To some degree, everyone straddles multiple worlds. We have our personal world. We have our work world. Never the two should meet – except for the Christmas party and company picnic. However, most of us find ourselves walking between more than just two worlds. On the personal side, we have our childhood friends. There are our college friends. There are our church friends. There are the neighborhood friends. Mixing of these friends is strangely rare. The college friends and the church friends just wouldn’t get along, we tell ourselves. They wouldn’t have anything in common.
Too many people find their work worlds filled with the sterile, hospital-cafeteria-type conversations. No one wants to get personal. No one wants to get too aware of the coworker who is struggling with divorce or addiction. Those aren’t the polite conversations about the weekend that are sanctioned in the corporate world. The correct answer to “How are you?” is always “Fine.” We aren’t expected to share our whole selves. We’re expected to keep our professional world separate from our personal world.
Facets of Identity
Somehow, we’re expected to keep our wholeness separate. We’re expect to expose one facet of who we are to our church friends and a different facet to our drinking buddies. Even absent the explicit call to be fragmented, we’re conditioned to expect that people don’t really want to know about our struggles and our pride. How many jokes are there about how everyone’s grandchild is the most amazing child in the universe?
As a result, we keep the part of us that matches others positioned towards them, like how sunflowers position themselves towards sunlight. We are careful to not let them see parts of us that don’t fit the idealistic view of the parts they’re interested in.
However, the careful positioning in relationship to those we are near creates a gap. It takes the parts of our personality – the very growth that we crave and need – and makes it unacceptable to share with others. Because it’s precious and fragile, we can’t afford the risk to show it to anyone. We can’t share it with those that we trust, because it doesn’t match the part of us that they expect.
So we starve the sunlight from the places of our growth, because we can’t share it with those we trust, and simultaneously it’s too fragile to share with those we don’t trust.
They Don’t Know Me
All this leads us to the position that no one really knows us. We’re always positioning the image of ourselves to the people that we’re with, and we don’t get a chance to share our vulnerable parts. It leads to a profound sense of disconnection. We don’t believe that anyone understands us – and that’s the truth, because we’ve never allowed anyone to see an accurate picture of our real selves – including our blemishes, weakness, and flaws.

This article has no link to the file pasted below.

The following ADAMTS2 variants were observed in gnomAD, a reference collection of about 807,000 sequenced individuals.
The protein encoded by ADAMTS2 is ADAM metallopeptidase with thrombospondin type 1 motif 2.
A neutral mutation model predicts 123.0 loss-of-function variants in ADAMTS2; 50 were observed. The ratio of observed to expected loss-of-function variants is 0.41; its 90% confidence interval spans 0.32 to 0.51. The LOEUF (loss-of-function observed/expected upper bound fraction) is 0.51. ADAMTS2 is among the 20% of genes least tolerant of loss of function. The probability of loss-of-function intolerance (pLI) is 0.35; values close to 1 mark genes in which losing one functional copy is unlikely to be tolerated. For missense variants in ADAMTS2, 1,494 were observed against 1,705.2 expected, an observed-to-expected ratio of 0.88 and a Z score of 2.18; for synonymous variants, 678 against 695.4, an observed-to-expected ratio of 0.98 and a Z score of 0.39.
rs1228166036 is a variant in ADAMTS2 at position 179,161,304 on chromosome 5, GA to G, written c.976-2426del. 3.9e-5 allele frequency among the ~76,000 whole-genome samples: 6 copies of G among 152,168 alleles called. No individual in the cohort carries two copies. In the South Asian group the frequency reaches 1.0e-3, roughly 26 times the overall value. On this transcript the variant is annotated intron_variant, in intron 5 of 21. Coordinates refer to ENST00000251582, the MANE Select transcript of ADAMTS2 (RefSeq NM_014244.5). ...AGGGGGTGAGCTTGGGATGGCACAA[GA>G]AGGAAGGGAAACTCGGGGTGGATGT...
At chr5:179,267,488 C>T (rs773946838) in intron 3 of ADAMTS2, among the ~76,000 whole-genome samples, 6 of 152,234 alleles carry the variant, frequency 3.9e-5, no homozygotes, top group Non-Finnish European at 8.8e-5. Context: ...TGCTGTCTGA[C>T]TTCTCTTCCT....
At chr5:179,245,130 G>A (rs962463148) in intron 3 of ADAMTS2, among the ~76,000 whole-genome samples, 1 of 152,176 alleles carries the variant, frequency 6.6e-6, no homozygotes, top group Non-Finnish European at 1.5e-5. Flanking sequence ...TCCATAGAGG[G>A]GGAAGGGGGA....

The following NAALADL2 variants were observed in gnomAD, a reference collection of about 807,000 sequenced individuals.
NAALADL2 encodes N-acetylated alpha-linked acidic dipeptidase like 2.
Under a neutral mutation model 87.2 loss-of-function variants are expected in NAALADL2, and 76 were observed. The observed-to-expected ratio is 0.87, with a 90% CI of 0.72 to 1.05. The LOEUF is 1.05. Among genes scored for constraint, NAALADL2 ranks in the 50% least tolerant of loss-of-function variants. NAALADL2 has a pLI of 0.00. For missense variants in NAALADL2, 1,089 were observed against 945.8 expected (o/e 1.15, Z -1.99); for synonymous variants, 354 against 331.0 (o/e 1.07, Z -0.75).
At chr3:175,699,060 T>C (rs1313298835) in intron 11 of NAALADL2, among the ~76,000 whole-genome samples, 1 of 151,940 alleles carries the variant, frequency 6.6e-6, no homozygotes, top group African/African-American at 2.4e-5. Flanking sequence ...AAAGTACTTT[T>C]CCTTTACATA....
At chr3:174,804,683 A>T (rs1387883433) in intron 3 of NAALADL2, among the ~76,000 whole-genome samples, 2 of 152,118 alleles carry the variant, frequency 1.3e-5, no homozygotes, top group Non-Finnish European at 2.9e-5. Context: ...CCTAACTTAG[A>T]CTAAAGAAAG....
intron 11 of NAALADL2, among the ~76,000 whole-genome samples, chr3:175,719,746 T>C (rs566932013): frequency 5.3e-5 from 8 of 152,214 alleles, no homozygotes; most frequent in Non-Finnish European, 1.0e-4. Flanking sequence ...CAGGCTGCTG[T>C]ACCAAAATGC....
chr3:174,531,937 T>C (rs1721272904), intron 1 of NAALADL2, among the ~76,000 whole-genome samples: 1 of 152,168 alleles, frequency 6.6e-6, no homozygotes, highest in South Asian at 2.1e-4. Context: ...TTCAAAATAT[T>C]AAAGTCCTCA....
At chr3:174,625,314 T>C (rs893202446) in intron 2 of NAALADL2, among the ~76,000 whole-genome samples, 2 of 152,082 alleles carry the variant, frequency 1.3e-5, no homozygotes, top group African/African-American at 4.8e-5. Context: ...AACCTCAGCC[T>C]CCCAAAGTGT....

Stranger in a Foreign Land
Even if we can get past the need to show people only what they want to see, we’re forced to realize that, in our contemporary world, our interests and the interests of the others we interact with – including family, friends, and acquaintances – isn’t going to match completely. Even if we’re able to share the places of ourselves that are growing, it may not be that those people are interested in that part of us. They may not can help us to grow in that aspect of our reality.
It’s like that part of us is a foreigner in a strange land where they speak a different language. There’s no way to connect and communicate.
Perhaps the most challenging concern that any human faces is that their different worlds and interests will diverge to the point where they’re no longer able to keep themselves whole. For me, I know that I’m a father, husband, developer, technologist, speaker, organizational development advocate, psychology and neurology student, and the list continues. There are times when these worlds fit together like a continent with different temperate climates. There are other times when I feel like the gaps between them place me on a twister mat, where the dots drift farther and farther apart, making it harder for me to stay up.
Living and Letting Go
The trick to living in a world where we’re straddling these multiple worlds is that we need to learn when to let go of aspects of ourselves – at least for a while. We need to accept that, for a time, these parts of our soul will be separate from us. For me, there are several aspects that are missing from the core of who I am today. I’m a professionally-trained comedian – yet I don’t practice either stand up or improv comedy. I’m a pilot who loves flying but can’t find the time and money to stay current. These are just two small parts of my world that I’ve let go of for now. I’ve picked my hand up off the twister dot and have let it drift off – for now.
Sometimes the aspects that you let go of are done consciously, and sometimes it’s just an aspect of yourself that gets lost for a while. Sometimes we fight to hold on to more of our true selves than we can realistically contain at any one time. That’s when we can really feel the pain of straddling multiple worlds. The secret, if there is one, is to know that letting worlds go for a while doesn’t mean that they leave your core forever.